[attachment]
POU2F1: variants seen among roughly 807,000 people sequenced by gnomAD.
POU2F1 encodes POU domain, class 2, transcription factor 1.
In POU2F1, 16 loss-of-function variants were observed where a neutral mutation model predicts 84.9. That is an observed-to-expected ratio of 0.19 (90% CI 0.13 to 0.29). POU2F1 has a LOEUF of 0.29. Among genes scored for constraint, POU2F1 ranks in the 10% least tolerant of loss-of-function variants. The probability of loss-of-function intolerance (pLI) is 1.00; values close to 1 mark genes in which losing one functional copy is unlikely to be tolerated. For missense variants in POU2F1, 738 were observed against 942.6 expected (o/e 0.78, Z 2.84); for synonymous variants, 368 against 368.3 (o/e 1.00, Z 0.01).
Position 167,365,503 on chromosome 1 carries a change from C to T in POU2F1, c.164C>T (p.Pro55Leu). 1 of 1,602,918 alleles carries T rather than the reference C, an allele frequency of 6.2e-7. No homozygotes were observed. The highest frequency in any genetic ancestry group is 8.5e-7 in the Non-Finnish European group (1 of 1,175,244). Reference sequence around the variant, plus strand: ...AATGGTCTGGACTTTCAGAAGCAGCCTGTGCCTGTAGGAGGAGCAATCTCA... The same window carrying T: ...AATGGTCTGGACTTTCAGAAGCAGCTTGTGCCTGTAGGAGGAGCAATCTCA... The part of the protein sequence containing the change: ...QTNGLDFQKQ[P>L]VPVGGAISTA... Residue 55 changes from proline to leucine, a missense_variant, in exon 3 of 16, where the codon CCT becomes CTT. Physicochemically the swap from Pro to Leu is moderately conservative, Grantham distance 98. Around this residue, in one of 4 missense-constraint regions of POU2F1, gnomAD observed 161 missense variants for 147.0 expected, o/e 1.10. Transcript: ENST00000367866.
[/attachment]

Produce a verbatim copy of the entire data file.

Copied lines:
POU2F1: variants seen among roughly 807,000 people sequenced by gnomAD.
POU2F1 encodes POU domain, class 2, transcription factor 1.
In POU2F1, 16 loss-of-function variants were observed where a neutral mutation model predicts 84.9. That is an observed-to-expected ratio of 0.19 (90% CI 0.13 to 0.29). POU2F1 has a LOEUF of 0.29. Among genes scored for constraint, POU2F1 ranks in the 10% least tolerant of loss-of-function variants. The probability of loss-of-function intolerance (pLI) is 1.00; values close to 1 mark genes in which losing one functional copy is unlikely to be tolerated. For missense variants in POU2F1, 738 were observed against 942.6 expected (o/e 0.78, Z 2.84); for synonymous variants, 368 against 368.3 (o/e 1.00, Z 0.01).
Position 167,365,503 on chromosome 1 carries a change from C to T in POU2F1, c.164C>T (p.Pro55Leu). 1 of 1,602,918 alleles carries T rather than the reference C, an allele frequency of 6.2e-7. No homozygotes were observed. The highest frequency in any genetic ancestry group is 8.5e-7 in the Non-Finnish European group (1 of 1,175,244). Reference sequence around the variant, plus strand: ...AATGGTCTGGACTTTCAGAAGCAGCCTGTGCCTGTAGGAGGAGCAATCTCA... The same window carrying T: ...AATGGTCTGGACTTTCAGAAGCAGCTTGTGCCTGTAGGAGGAGCAATCTCA... The part of the protein sequence containing the change: ...QTNGLDFQKQ[P>L]VPVGGAISTA... Residue 55 changes from proline to leucine, a missense_variant, in exon 3 of 16, where the codon CCT becomes CTT. Physicochemically the swap from Pro to Leu is moderately conservative, Grantham distance 98. Around this residue, in one of 4 missense-constraint regions of POU2F1, gnomAD observed 161 missense variants for 147.0 expected, o/e 1.10. Transcript: ENST00000367866.